Mortgage row ‘hype’ criticised
Noonan says best to get buyers to comply with protections after sale to avoid litigation
Minister for Finance Michael Noonan said mortgage- holders were “being wound up by a number of Deputies in this House who are stating very exaggerated positions” and deliberately trying to frighten people
Minister for Finance Michael Noonan has called on the Opposition not to be “trying to frighten” the 13,000 mortgage-holders with the former Irish Nationwide Building Society whose loans are for sale by liquidator KPMG.
Mr Noonan said it was “very unfair to be hyping this”, in a row over whether mortgage- holders would retain protections they currently held, if a foreign financial entity bought the loans. The sale takes place next month.
The Minister said mortgage- holders were “being wound up by a number of Deputies in this House who are stating very exaggerated positions” and deliberately trying to frighten people.
Socialist Party TD Joe Higgins said “what is frightening people most is that the Minister is proposing a process that will put 13,000 mortgage-holders into the hands of vulture capitalists”.
The row developed during finance questions in the Dáil. Fianna Fáil finance spokesman Michael McGrath said he doubted Mr Noonan would allow AIB, Bank of Ireland, Permanent TSB or Ulster Bank to sell their mortgage portfolios in the way the sale of the former Irish Nationwide, now IBRC, loans was currently proceeding.
The Minister told him the “continued applicability of the various protections afforded to mortgage customers is legally very complex and requires careful consideration”.
“People are afraid of being exposed, vulnerable and isolated in the face of an unsympathetic fund that is out for a quick buck. That is a genuine fear. Perhaps some people have stoked up that fear but it is a very real fear that people have,” he said.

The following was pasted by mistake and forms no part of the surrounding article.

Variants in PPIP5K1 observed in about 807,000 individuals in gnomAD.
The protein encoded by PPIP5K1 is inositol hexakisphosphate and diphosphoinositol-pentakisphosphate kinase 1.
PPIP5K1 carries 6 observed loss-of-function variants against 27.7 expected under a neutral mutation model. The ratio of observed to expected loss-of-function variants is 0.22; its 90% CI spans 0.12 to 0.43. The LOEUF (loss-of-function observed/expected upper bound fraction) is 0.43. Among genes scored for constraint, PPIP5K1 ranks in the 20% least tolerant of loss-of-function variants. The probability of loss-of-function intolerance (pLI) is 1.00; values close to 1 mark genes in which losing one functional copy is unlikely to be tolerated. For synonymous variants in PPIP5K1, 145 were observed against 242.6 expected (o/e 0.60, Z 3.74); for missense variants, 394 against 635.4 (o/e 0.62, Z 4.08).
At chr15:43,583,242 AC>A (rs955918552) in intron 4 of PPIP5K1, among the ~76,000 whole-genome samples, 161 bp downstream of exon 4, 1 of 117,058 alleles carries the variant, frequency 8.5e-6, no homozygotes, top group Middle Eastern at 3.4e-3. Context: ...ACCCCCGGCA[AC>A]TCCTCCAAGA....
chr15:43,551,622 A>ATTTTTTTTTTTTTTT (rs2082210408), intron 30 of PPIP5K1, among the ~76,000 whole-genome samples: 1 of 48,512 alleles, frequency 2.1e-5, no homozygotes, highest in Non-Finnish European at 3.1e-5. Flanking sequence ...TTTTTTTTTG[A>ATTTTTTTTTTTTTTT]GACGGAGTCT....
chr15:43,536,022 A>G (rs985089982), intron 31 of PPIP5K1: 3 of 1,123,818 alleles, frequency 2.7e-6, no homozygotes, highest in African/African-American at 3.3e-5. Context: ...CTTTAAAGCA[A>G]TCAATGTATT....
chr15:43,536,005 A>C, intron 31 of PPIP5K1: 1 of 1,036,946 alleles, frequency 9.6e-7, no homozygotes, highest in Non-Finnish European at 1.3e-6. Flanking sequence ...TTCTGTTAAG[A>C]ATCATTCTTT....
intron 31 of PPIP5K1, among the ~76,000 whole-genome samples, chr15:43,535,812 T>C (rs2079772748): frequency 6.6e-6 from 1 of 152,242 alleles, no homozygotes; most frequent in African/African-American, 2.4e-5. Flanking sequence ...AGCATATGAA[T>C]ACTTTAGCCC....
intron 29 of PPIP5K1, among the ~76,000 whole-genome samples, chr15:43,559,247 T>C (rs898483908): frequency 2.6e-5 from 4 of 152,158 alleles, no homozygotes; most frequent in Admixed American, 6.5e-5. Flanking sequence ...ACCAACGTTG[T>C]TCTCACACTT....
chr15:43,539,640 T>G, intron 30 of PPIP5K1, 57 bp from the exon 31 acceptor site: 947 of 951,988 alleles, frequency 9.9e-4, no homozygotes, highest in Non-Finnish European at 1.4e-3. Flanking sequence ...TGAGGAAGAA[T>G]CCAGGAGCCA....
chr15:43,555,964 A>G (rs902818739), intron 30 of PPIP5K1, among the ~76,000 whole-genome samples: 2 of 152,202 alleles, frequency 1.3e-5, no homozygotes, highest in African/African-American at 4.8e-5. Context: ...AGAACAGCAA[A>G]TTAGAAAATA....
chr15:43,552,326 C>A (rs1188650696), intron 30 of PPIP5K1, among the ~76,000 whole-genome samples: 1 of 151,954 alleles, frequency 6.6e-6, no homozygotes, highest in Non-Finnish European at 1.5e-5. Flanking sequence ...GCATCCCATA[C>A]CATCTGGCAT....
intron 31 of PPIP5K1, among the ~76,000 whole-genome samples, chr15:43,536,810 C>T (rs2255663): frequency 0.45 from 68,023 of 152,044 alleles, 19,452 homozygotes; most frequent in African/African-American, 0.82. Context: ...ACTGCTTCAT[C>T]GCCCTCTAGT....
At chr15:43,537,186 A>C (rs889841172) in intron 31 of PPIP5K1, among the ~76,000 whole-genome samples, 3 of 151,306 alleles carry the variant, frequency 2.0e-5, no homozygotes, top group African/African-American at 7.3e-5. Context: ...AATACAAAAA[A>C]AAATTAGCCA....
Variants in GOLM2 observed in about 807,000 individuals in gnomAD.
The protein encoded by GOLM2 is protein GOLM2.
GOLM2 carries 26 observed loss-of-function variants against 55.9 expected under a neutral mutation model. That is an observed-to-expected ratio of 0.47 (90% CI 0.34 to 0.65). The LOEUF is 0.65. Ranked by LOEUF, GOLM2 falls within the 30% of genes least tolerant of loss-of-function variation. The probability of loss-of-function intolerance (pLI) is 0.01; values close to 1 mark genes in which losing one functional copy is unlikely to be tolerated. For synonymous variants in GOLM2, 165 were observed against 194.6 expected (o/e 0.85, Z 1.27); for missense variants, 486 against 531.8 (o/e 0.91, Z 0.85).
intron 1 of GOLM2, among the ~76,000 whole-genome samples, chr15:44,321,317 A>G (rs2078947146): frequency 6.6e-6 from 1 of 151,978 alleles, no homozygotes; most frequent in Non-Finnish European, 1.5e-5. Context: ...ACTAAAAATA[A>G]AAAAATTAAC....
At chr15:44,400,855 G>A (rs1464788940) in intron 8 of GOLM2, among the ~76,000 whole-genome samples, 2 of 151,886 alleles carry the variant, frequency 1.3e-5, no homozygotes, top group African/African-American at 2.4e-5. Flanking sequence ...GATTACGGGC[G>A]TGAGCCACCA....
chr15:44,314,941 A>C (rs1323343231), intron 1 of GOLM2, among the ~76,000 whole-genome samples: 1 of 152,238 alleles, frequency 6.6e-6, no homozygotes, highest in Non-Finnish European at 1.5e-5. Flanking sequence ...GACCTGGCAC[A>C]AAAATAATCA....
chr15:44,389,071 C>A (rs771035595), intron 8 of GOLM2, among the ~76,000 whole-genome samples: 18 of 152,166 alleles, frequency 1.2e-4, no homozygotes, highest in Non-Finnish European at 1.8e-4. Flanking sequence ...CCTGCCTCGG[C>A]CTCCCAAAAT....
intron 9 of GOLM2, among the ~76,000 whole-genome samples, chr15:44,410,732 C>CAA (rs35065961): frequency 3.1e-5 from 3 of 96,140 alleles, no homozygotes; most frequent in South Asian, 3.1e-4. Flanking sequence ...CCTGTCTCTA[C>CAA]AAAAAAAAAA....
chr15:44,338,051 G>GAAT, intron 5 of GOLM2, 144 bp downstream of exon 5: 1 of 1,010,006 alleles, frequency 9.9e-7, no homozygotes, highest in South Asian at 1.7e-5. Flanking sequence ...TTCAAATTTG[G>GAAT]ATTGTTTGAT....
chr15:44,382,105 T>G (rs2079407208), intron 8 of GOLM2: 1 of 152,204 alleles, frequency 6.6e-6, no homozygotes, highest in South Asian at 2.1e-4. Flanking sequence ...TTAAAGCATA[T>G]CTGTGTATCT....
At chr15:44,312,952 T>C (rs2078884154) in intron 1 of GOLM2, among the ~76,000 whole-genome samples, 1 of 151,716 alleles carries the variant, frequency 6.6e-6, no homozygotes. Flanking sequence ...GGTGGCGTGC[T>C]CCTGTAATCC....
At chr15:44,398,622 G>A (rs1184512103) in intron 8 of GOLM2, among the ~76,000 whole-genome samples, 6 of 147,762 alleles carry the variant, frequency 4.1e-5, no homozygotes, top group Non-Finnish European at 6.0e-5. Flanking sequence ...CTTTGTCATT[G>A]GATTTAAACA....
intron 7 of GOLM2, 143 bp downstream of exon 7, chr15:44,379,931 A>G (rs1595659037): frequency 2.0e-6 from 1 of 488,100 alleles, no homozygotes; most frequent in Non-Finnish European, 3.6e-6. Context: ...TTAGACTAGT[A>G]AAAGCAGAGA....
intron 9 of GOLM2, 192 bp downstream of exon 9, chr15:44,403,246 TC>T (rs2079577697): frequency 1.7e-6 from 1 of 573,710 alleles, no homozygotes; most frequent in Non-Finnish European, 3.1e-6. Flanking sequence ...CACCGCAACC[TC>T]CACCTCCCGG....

Mr Noonan said whoever bought the loans, whether Nama or an unregulated entity, “will be required to honour in full the legal terms” of the contract mortgage holders agreed with the financial institution.
“The taxpayer comes into this as well. The job of the liquidator is to get as much value for the taxpayer as he can,” he said.
He said the Opposition might rightly stress the interests of the mortgage holder “they forget about the interests of the taxpayer, because these are two sides of the same coin”.
The Minister said if he attached additional conditions to the mortgage book or portfolio at the point of sale “there is a possibility I would be legally challenged on the argument that that might reduce the value of the book”.
Mr Noonan added that it would be better not to interfere with the sales process and they could then deal with procedural protocols afterwards “and get them to comply after the sales. There is then no exposure to a legal challenge and everyone is protected.”